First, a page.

Osborne must cut spending by £4bn to hit deficit target

George Osborne laid the groundwork for his Wednesday statement, warning that Britain must “act now rather than pay later”. He revealed that he needs to find additional savings equivalent to 50p of every £100 of government spending by 2020, reports The Times.

Mr Osborne insisted that the cuts were “not a huge amount in the scheme of things”. “We have got to live within our means to stay secure and that’s the way we make Britain fit for the future,” he told The Andrew Marr Show on BBC One.

The additional savings, which are likely to total £4 billion, are needed to keep Mr Osborne’s deficit reduction strategy on track in the face of weaker than expected economic growth. He must raise revenue to plug an £18 billion “black hole” in the economy.

He has pledged to achieve a budget surplus by 2020. Last month the Institute for Fiscal Studies warned that this target could box him in.

A leading economics forecasting group warned yesterday that cuts to government spending would put the UK at risk of slumping back into a downturn. In a report on the state of the economy ahead of a crucial budget in which Mr Osborne’s own forecasts look to be unravelling, the EY Item Club said that the chancellor must not engage in “bad economics” by announcing further austerity measures to hit his target.

“The chancellor has spoken before about fixing the roof while the sun shines,” Martin Beck, senior economic advisor to the EY Item Club, said. “But, with storm clouds gathering over the UK economy, tightening fiscal policy further could worsen an already fragile economic situation. Now is not the time to be fixing the roof.”

Yesterday the chancellor pointed to the “gloomier global picture” as a factor slowing growth in the UK. China’s slowdown, the fall in oil and commodity prices, and instability in the Middle East made for a “dangerous cocktail of risks”, he said.

Voters should expect “bold decisions” in his eighth budget: “We’re going to need to look for more savings in the public spending, so the country lives within its means.”

Expert predictions for revenue raising measures include a hike in the tax on insurance premiums, which would hit millions of families insuring everything from their car to their house. An increase in so-called sin taxes, including an extra 16p on a pack of cigarettes, has also been mooted.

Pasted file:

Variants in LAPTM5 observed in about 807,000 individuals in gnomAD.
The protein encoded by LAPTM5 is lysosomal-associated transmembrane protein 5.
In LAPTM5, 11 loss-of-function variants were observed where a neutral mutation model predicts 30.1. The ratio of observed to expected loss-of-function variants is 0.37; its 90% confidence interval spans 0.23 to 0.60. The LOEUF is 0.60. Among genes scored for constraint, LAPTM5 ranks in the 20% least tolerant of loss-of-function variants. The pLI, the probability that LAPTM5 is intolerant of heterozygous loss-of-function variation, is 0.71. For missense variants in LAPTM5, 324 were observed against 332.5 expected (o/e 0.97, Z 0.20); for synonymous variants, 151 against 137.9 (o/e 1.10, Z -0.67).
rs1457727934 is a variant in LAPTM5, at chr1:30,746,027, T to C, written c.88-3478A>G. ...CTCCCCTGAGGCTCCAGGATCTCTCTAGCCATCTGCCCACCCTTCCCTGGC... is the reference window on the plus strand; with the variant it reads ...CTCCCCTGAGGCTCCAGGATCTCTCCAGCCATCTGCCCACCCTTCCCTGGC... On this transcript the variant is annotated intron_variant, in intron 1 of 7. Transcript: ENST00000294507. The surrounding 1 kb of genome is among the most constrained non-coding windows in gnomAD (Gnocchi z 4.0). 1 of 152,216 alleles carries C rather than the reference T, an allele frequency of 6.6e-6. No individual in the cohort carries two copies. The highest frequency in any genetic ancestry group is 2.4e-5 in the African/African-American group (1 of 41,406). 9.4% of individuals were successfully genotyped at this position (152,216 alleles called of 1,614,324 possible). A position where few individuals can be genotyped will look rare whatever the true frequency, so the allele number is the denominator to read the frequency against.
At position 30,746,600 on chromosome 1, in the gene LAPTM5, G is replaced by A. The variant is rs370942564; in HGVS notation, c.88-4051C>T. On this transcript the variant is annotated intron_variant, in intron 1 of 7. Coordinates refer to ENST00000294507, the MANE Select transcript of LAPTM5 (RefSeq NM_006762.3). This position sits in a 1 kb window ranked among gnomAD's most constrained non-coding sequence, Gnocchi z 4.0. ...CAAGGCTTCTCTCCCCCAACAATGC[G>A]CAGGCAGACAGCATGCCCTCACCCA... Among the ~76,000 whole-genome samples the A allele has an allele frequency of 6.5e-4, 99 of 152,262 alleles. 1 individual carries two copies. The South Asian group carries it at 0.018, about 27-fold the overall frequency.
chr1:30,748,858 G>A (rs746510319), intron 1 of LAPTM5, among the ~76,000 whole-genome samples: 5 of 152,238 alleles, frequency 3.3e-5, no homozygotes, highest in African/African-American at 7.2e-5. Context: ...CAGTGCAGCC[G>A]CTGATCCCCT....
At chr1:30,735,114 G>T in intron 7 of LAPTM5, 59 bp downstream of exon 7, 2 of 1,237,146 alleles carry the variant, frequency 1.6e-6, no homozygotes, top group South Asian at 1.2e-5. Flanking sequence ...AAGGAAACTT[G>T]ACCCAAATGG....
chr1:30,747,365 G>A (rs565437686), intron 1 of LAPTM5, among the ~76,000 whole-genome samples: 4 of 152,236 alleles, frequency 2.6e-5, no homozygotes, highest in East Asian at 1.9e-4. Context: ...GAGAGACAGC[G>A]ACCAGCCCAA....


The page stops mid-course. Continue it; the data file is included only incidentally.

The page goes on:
It also emerged yesterday that the government was set to crack down on TV presenters and public-sector chiefs being paid through personal service companies and potentially avoiding tax.

Possible giveaways include an increase to the personal allowance and the higher-rate tax band threshold.

Ken Clarke, the former Tory chancellor, urged Mr Osborne to carry out “tough and difficult” measures.

“Markets are very jittery and if you look at the biggest problem in the short term in Britain, it is that we are still running a deficit and we are still piling up debt and that slows down the prospects of growth,” Mr Clarke told Sky News.

“George has got to get on with that and this is the first budget in a five-year parliament so, if I were him, I’d want to do some of the tough and difficult things now.”

•Labour said last night that three in four working families claiming tax credits would have their benefits slashed under the government’s welfare reform. Analysis commissioned by Labour shows that 2.3 million of the 3.1 million families on tax credits will see their in-work support fall as they are moved to Universal Credit, the government’s new welfare system.

The claim goes against a guarantee by Iain Duncan Smith, the work and pensions secretary, that “nobody will lose any money on arrival on universal credit from tax credits.” A Department for Work and Pensions spokesperson said: “For many claimants a move to Universal Credit will actually mean that they receive the same or higher amount of benefit than they do from the current benefit system.”